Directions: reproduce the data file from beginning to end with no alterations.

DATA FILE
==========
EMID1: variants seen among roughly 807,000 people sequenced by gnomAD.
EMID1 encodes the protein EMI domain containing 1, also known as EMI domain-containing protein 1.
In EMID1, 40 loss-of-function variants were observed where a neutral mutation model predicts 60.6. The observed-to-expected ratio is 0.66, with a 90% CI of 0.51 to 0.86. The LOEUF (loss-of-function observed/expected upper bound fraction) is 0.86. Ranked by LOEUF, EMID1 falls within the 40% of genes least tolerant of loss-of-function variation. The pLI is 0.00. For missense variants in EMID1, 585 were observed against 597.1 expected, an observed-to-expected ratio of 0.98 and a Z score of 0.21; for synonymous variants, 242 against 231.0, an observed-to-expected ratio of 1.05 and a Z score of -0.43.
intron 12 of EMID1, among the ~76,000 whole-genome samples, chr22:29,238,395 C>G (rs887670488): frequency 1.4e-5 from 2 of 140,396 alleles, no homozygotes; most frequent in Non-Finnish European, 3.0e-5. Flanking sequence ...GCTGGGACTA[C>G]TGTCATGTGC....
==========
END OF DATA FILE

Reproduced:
EMID1: variants seen among roughly 807,000 people sequenced by gnomAD.
EMID1 encodes the protein EMI domain containing 1, also known as EMI domain-containing protein 1.
In EMID1, 40 loss-of-function variants were observed where a neutral mutation model predicts 60.6. The observed-to-expected ratio is 0.66, with a 90% CI of 0.51 to 0.86. The LOEUF (loss-of-function observed/expected upper bound fraction) is 0.86. Ranked by LOEUF, EMID1 falls within the 40% of genes least tolerant of loss-of-function variation. The pLI is 0.00. For missense variants in EMID1, 585 were observed against 597.1 expected, an observed-to-expected ratio of 0.98 and a Z score of 0.21; for synonymous variants, 242 against 231.0, an observed-to-expected ratio of 1.05 and a Z score of -0.43.
intron 12 of EMID1, among the ~76,000 whole-genome samples, chr22:29,238,395 C>G (rs887670488): frequency 1.4e-5 from 2 of 140,396 alleles, no homozygotes; most frequent in Non-Finnish European, 3.0e-5. Flanking sequence ...GCTGGGACTA[C>G]TGTCATGTGC....